- Pneumonia is the leading cause of mortality in children globally.
- Oxygen is an essential therapy for children with hypoxemic pneumonia, but is not available in many resource-limited and rural areas.
- Our innovation, solar powered oxygen delivery, harnesses freely available sun and air to delivery oxygen to patients independent of grid electricity.
- We performed a randomized controlled trial of solar powered oxygen delivery, compared to standard oxygen delivery using compressed oxygen cylinders in children with hypoxemia hospitalized at two centres in Uganda.
- Solar powered oxygen was non-inferior to cylinder oxygen with respect to clinical outcomes, and offers advantages in terms of reliability, simplicity, and cost.
MedicalResearch.com Interview with:
Pepita Barlow, MSc, Department of Sociology University of Oxford, Manor Road Building, Manor Road, Oxford, United Kingdom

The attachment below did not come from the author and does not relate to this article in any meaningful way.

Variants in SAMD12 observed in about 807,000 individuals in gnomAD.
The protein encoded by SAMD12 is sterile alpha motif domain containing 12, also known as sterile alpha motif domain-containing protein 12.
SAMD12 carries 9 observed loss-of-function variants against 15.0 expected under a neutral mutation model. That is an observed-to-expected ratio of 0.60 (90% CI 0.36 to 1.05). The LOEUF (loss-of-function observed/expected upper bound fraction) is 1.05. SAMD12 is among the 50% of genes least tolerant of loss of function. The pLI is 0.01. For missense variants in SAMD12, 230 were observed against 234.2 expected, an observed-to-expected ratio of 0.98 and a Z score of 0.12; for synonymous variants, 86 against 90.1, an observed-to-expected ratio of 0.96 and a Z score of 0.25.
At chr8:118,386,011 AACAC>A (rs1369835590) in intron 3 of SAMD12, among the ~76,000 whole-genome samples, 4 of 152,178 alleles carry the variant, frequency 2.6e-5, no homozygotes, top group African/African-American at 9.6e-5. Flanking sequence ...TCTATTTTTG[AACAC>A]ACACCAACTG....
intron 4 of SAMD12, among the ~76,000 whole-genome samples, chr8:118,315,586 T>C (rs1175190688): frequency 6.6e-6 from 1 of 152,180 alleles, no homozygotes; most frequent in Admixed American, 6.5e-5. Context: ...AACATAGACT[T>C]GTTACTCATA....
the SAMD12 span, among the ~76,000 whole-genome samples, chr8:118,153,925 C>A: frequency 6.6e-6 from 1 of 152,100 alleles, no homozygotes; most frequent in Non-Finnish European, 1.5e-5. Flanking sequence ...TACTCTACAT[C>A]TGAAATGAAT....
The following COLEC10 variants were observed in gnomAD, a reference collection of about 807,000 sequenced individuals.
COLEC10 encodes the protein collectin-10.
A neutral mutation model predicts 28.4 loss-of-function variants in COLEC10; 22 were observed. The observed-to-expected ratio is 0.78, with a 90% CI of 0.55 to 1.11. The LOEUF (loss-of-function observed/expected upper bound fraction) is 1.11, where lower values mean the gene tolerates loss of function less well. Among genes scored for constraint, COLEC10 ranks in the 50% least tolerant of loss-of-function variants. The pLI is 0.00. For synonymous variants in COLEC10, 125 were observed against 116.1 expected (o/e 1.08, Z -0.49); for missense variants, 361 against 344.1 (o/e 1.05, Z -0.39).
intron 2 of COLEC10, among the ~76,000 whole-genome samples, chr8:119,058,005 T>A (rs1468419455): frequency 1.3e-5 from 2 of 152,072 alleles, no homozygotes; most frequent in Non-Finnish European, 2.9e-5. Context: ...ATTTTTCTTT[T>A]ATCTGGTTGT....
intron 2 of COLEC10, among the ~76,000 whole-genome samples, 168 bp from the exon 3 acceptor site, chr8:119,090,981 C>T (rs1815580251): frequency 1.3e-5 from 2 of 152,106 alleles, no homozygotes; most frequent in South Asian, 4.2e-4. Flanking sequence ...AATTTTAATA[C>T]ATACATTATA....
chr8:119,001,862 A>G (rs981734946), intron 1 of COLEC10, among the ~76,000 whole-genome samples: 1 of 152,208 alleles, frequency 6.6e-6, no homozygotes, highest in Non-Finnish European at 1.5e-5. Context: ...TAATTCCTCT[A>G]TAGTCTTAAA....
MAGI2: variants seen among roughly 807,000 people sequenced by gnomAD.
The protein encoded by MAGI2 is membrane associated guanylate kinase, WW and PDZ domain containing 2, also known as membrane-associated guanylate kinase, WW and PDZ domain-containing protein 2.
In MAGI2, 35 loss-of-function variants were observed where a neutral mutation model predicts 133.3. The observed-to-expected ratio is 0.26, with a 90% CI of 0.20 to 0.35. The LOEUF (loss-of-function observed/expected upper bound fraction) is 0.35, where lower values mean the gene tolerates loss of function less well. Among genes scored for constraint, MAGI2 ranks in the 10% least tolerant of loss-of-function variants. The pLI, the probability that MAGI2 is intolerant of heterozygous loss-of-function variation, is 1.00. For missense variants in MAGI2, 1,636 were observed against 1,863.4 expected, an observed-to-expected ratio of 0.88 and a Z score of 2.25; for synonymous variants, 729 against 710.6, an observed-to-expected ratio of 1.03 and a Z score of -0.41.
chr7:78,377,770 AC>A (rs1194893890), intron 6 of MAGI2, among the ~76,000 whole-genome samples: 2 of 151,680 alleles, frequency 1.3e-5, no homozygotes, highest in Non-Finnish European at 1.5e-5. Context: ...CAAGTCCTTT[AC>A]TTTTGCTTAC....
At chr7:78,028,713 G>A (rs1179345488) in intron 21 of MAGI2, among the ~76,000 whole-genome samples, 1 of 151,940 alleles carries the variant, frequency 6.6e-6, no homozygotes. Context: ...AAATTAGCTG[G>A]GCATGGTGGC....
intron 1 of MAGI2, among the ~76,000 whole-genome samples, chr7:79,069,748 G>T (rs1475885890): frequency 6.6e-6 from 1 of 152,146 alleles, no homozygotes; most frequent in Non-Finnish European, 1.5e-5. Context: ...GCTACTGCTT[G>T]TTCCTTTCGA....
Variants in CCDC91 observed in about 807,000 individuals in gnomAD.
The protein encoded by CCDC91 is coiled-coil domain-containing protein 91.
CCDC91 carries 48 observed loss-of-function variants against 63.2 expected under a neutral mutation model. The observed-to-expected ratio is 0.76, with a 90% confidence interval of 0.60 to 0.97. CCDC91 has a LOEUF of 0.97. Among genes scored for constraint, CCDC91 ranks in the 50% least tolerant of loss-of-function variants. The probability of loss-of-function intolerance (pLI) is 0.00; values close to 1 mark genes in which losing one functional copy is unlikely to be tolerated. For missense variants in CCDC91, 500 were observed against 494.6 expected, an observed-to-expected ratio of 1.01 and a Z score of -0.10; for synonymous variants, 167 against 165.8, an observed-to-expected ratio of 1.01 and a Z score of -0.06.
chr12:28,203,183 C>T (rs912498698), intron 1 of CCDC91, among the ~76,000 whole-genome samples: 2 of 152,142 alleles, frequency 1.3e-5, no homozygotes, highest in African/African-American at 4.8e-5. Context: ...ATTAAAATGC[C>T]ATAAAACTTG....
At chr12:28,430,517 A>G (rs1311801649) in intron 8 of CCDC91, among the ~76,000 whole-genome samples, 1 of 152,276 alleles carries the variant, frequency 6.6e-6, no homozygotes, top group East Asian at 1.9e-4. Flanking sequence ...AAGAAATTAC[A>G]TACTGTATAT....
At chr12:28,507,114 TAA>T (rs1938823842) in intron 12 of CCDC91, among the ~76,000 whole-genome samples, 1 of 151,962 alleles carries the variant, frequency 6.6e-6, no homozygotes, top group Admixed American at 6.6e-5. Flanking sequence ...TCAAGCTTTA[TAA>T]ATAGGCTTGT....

MedicalResearch.com: What is the background for this study? What are the main findings?
Response: The escalating global prevalence of overweight and obesity, or “globesity,” is often described as a pandemic. Globalization via free trade agreements (FTAs) with the US has been implicated in this pandemic because of its role in spreading high-calorie diets rich in salt, sugar, and fat through the reduction of trade barriers like tariffs in the food and beverage sector.
We used a “natural experiment” design (that mimics a randomized controlled trial as closely as possible) and data from the United Nations Food and Agricultural Office to evaluate the impact of the 1989 Canada-US Free Trade Agreement on caloric availability in Canada (CUSFTA).
We found that CUSFTA was associated with an increase in caloric availability and likely intake of approximately 170 kilocalories per person per day in Canada. Additional models showed that this rise in caloric intake can contribute to weight gain of between 1.8-9.3 kg for men and 2.0-12.2 kg for women aged 40, depending on their physical activity levels and the extent to which availability affects caloric intake. (more…)